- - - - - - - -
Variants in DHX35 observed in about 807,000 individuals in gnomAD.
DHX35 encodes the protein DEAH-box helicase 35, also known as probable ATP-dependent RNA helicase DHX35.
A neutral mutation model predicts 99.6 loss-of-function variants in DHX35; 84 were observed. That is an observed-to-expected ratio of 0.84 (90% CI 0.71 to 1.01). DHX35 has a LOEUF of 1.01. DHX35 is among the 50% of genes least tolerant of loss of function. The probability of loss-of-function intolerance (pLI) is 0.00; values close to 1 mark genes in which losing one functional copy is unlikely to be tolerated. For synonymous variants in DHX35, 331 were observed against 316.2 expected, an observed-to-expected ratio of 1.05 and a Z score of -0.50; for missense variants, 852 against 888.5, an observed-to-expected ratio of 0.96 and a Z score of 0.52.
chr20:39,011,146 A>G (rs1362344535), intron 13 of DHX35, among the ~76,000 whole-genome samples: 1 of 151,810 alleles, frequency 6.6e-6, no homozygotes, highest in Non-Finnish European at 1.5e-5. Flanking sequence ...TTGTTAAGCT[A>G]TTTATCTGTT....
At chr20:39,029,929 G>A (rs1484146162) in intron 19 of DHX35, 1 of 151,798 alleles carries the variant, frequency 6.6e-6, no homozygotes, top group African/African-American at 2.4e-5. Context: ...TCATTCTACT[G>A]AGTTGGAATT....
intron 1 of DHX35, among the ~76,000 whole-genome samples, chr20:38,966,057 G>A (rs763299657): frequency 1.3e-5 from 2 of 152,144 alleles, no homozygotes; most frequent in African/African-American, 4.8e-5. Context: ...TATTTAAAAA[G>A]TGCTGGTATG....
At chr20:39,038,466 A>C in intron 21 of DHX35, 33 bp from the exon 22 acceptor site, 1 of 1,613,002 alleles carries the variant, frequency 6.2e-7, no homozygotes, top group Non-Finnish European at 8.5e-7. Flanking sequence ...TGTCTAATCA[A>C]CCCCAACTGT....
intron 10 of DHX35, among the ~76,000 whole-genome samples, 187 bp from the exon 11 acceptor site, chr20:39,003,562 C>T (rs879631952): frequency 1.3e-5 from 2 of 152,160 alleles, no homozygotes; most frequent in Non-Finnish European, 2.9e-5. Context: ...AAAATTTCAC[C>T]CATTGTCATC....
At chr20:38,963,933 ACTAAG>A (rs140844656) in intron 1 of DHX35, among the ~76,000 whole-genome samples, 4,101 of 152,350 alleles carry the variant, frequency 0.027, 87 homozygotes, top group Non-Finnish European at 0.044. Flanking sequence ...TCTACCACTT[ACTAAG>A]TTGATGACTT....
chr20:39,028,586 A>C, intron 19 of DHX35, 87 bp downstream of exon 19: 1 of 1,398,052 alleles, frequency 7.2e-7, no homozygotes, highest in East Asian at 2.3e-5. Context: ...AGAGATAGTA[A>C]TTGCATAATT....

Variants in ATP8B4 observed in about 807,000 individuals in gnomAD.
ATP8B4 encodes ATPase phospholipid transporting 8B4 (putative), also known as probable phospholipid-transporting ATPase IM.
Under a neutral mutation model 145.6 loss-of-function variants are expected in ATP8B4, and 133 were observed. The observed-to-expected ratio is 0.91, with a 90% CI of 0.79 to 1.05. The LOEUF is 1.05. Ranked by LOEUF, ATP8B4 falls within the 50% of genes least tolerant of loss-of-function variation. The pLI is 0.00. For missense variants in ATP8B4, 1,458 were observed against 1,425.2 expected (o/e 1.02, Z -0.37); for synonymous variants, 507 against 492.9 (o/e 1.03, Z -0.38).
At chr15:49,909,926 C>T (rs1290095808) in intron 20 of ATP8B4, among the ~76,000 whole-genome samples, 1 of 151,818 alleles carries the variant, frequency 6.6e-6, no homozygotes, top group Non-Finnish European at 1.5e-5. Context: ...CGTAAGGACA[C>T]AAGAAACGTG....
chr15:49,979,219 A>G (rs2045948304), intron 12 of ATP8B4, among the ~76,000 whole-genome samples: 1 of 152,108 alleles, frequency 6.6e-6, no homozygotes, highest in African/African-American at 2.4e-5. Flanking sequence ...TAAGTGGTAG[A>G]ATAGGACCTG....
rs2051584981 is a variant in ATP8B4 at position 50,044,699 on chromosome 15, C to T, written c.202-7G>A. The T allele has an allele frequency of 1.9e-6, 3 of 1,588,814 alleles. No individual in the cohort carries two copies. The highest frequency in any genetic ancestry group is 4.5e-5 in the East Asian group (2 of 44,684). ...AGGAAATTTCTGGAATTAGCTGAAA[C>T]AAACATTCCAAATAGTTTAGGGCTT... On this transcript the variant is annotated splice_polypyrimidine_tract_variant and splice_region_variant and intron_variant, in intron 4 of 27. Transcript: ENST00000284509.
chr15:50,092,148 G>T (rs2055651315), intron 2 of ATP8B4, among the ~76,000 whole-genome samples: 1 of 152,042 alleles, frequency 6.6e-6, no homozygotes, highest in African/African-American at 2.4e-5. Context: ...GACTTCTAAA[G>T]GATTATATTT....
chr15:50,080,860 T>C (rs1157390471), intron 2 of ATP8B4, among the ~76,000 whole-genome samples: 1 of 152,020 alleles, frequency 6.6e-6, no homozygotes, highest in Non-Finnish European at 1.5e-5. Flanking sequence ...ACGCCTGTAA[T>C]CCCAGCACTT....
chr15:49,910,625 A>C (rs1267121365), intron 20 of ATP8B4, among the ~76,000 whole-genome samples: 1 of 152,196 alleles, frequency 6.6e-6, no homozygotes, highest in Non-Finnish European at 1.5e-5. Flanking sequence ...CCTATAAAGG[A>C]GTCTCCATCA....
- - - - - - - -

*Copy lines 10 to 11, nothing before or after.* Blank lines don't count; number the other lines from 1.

chr20:39,028,586 A>C, intron 19 of DHX35, 87 bp downstream of exon 19: 1 of 1,398,052 alleles, frequency 7.2e-7, no homozygotes, highest in East Asian at 2.3e-5. Context: ...AGAGATAGTA[A>C]TTGCATAATT....

Variants in ATP8B4 observed in about 807,000 individuals in gnomAD.